Rafting the Grand Canyon


By Greg Niemann


Another wave clobbered the eight of us, soaking me so thoroughly my skin shivered despite the 100+ degree air temperature. The Colorado River rapids had raised my adrenalin level to euphoric heights, but the water felt cold trapped under my life vest. Continually getting drenched, I was relieved my expensive hearing aid was secured in a plastic bag. Scratch another adventure from my bucket list.

Rafting the rapids of the Grand Canyon had always demanded a commitment of too much time (and money). When I learned about the one-day Grand Canyon West rafting trip, I signed up immediately, booking two nights at the Hualapai Lodge in Peach Springs, AZ

From southern California to that heart of the Hualapai Reservation I drove through Kingman where I picked up the iconic Route 66.

The Hualapai Lodge is clean and comfortable with amenities that include free wi-fi and a salt-water pool. However, the Santa Fe trains rumble by all night, blasting their horn every 15 minutes or so. The front desk can supply ear plugs.

The entire hotel/rafting operation is run by members of the Hualapai tribe, one of whom drove us in a small bus down the rocky Diamond Creek road (only road to canyon's bottom), descending 4,000 feet in over an hour. Seven rafts awaited where we met the swift-moving, muddy Colorado River at Mile 225. The guides secured our life vests and we were off.


Hitting the Rapids

The rafts are motorized, built upon large inflatable pontoons coated with high-strength material. Seeking the thrill, I initially sat in front. After striking good sized riffles where the river quickly dropped 25 feet, I was the first to get soaked.  Guide Joe advised me to sit back and leave the bow for the younger set. After all, at age 72, I was obviously the oldest.

They say the rapids are rated from 3-7 (On a scale of 1-10), and while there was a lot of water going over our bow, there were no jutting rocks, or split-second decisions that had to choose the optimum channel like some rivers demand. The toughest rapids had big haystacks with erratic wave trains which insured the bow would plow into at least several wave faces. Would have been hell for a canoe or kayak however.

We stopped at Travertine Canyon to explore a picturesque waterfall within canyon walls so narrow it seemed like a cave. The Hualapai guides helped us up the rocky terrain with ropes, rope ladders, and strong hands.

Back on the river we immediately hit the 231 Mile Rapid (rated 4-7) which dropped 12 feet. Another knarly one (4-7) was at Mile 232 with a seven foot drop. We ran rapids until stopping for lunch at Separation Canyon where the first river runners in 1869 finally split up, with three members leaving Major John Wesley Powell’s group to perish on their way out. Had they only known what we did: the rapids were behind us!

The second half of our 36 mile river adventure was less thrilling, yet more spectacular. Vertical canyon walls with colorful rocks overpowered one’s senses. The incredible geology was in-your-face: dark chocolate boulders yielded upward to pink shale, bright limestone, and caramel-colored cliffs, topped by creamy, even white citadels of rock. We passed great blue herons returning to their nests. We passed small canyons with waterfalls that have fed the mighty river for millennia.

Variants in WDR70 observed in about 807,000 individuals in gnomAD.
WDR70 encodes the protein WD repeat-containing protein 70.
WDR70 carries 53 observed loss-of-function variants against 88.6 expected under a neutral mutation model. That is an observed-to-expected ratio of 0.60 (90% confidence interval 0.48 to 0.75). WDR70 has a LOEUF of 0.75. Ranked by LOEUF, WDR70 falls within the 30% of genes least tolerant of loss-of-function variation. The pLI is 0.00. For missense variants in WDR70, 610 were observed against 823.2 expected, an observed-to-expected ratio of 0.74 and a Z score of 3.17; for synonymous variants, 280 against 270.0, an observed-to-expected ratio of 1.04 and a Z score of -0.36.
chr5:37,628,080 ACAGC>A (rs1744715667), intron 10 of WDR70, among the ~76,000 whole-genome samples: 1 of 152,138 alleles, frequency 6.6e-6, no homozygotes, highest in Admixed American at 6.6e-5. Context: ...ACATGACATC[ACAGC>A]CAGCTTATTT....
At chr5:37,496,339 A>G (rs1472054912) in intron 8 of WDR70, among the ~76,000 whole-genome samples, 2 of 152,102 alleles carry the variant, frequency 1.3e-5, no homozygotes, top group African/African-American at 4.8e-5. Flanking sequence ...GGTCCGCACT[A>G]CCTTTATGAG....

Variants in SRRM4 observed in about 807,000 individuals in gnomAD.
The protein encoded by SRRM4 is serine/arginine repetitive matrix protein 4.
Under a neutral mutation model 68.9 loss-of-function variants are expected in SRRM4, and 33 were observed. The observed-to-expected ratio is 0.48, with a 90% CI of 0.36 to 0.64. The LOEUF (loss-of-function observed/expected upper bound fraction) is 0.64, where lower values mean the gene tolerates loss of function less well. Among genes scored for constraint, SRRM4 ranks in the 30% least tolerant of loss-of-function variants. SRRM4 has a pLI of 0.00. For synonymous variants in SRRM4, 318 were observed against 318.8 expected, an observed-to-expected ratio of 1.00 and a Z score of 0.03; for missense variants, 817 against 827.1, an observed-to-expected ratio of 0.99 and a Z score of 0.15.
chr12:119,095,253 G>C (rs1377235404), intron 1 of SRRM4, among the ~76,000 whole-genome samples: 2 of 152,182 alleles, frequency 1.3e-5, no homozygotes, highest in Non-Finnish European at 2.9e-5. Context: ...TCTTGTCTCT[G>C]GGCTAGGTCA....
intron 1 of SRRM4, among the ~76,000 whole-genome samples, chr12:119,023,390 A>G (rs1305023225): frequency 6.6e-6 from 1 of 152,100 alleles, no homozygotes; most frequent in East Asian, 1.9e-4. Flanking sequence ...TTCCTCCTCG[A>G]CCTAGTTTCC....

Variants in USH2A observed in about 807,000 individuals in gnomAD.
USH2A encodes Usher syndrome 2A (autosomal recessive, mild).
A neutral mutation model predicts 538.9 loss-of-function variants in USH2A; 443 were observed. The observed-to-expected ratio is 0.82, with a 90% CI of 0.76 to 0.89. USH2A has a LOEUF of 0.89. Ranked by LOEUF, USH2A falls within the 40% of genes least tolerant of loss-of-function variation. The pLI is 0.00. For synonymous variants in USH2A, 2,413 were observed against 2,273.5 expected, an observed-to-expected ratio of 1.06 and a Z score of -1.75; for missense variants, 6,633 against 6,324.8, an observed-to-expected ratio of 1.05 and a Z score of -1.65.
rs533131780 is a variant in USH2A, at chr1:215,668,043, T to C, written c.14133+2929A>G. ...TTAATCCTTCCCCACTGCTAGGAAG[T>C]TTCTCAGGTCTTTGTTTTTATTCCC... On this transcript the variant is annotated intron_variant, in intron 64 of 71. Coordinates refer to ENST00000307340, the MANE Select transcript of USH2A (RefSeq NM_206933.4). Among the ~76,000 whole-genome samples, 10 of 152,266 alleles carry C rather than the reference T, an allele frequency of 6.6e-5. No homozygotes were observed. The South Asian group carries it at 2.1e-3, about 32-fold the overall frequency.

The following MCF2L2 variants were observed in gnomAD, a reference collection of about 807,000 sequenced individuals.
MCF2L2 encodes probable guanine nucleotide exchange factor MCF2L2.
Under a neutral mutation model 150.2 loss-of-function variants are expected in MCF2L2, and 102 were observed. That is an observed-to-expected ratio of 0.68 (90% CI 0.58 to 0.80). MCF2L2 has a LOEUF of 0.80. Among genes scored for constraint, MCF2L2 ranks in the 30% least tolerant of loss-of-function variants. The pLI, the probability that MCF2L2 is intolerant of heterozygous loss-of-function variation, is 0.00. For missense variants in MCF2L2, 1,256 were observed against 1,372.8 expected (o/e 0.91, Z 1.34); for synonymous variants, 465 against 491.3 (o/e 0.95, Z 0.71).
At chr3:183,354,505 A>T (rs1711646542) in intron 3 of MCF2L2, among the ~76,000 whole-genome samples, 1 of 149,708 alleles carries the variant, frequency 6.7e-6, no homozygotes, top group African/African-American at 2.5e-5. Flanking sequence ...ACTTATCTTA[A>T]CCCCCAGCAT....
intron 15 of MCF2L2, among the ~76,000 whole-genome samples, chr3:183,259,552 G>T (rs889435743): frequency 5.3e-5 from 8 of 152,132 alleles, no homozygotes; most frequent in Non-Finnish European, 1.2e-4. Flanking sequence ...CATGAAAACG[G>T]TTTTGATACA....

As we sped up to make our rendezvous, fine spray continued to assault us. The helicopter landing zone on a bluff at Mile 261 was an active place with helicopters steadily coming and going, shuttling various adventurers in groups of five and six people from the two landing pads. Finally, the Sundance pilot lifted us up and hugged the canyon walls in his ascent.

Up top, Grand Canyon West has helicopter pads, an air strip, gift shops, and a bus station. The famous Skywalk is at the end of the plateau, and some visit it for a two-day adventure. A large tour bus took us back to Peach Springs where we arrived by 7 p.m.


While you're there

Hualapai Tourism has numerous packages to experience Grand Canyon West. Along with the rafting and Skywalk, there’s jeep exploring, horseback riding, wagon rides, helicopter rides and boat rides, something for almost every budget.

The price for my trip was about $350.00, including lunch and helicopter shuttle. The hotel offers $80.00 room rates which includes breakfast. So for about $500, and only three days invested, it’s a real doable adventure.

To continue the Grand Canyon experience, you can head farther east to Grand Canyon National Park, where the natural wonder is at its widest and most colorful.

Other area options include Grand Canyon Caverns, 12 miles past Peach Springs on Route 66. There an elevator drops you 21 floors beneath the earth to one of the largest dry caverns in the United States. Lodging is available.

Or if you're into nostalgia, you'll enjoy the Route 66 experience. That former main highway between Chicago and Los Angeles has become a major destination itself. Almost every business in nearby Seligman, AZ has "66" in its name, and hours can be spent browsing all the memorabilia shops and museums. Hackberry and Oatman, AZ are also living testimonials to the "Mother Road."

Kingman is the largest town in the area with numerous lodging options, and one could stay there and drive the 30-40 minutes to Peach Springs.

Heading home, I stopped by Lake Havasu to make sure that "London Bridge" had not fallen down. It was still there, straddling tranquil, clear blue water, making it hard to believe it was the same river that churned its rust-colored rapids through the Grand Canyon.


If You Go

Hualapai Tourism, (888) 868-9378 or

Grand Canyon West, (888) 868-9378

Grand Canyon Caverns, (928) 422-3223


(Greg Niemann is a travel writer and author of several books including Palm Springs Legends, Baja Legends, Big Brown, and Las Vegas Legends. Visit

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